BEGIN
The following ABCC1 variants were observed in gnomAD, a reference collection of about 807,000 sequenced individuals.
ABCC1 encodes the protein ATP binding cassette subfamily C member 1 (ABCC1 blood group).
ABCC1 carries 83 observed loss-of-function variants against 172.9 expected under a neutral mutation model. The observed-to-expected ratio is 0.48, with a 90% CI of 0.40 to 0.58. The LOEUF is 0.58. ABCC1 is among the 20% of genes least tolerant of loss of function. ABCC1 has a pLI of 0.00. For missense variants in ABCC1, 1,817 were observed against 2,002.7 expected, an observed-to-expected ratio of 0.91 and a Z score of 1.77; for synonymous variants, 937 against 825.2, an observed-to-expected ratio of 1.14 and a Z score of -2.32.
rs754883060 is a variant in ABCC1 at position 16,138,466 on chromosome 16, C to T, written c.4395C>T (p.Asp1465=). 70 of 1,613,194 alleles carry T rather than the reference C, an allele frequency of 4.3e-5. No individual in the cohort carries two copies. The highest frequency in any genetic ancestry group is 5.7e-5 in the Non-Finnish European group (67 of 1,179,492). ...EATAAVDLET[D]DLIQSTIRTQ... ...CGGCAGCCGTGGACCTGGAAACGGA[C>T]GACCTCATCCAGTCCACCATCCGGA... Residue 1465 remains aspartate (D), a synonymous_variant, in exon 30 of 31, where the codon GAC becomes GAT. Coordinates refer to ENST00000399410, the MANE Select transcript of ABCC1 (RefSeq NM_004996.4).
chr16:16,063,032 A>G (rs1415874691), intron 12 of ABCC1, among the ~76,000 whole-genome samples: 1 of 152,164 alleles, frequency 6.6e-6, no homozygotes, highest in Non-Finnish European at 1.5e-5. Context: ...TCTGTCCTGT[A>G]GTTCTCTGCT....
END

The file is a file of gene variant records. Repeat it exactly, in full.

The following ABCC1 variants were observed in gnomAD, a reference collection of about 807,000 sequenced individuals.
ABCC1 encodes the protein ATP binding cassette subfamily C member 1 (ABCC1 blood group).
ABCC1 carries 83 observed loss-of-function variants against 172.9 expected under a neutral mutation model. The observed-to-expected ratio is 0.48, with a 90% CI of 0.40 to 0.58. The LOEUF is 0.58. ABCC1 is among the 20% of genes least tolerant of loss of function. ABCC1 has a pLI of 0.00. For missense variants in ABCC1, 1,817 were observed against 2,002.7 expected, an observed-to-expected ratio of 0.91 and a Z score of 1.77; for synonymous variants, 937 against 825.2, an observed-to-expected ratio of 1.14 and a Z score of -2.32.
rs754883060 is a variant in ABCC1 at position 16,138,466 on chromosome 16, C to T, written c.4395C>T (p.Asp1465=). 70 of 1,613,194 alleles carry T rather than the reference C, an allele frequency of 4.3e-5. No individual in the cohort carries two copies. The highest frequency in any genetic ancestry group is 5.7e-5 in the Non-Finnish European group (67 of 1,179,492). ...EATAAVDLET[D]DLIQSTIRTQ... ...CGGCAGCCGTGGACCTGGAAACGGA[C>T]GACCTCATCCAGTCCACCATCCGGA... Residue 1465 remains aspartate (D), a synonymous_variant, in exon 30 of 31, where the codon GAC becomes GAT. Coordinates refer to ENST00000399410, the MANE Select transcript of ABCC1 (RefSeq NM_004996.4).
chr16:16,063,032 A>G (rs1415874691), intron 12 of ABCC1, among the ~76,000 whole-genome samples: 1 of 152,164 alleles, frequency 6.6e-6, no homozygotes, highest in Non-Finnish European at 1.5e-5. Context: ...TCTGTCCTGT[A>G]GTTCTCTGCT....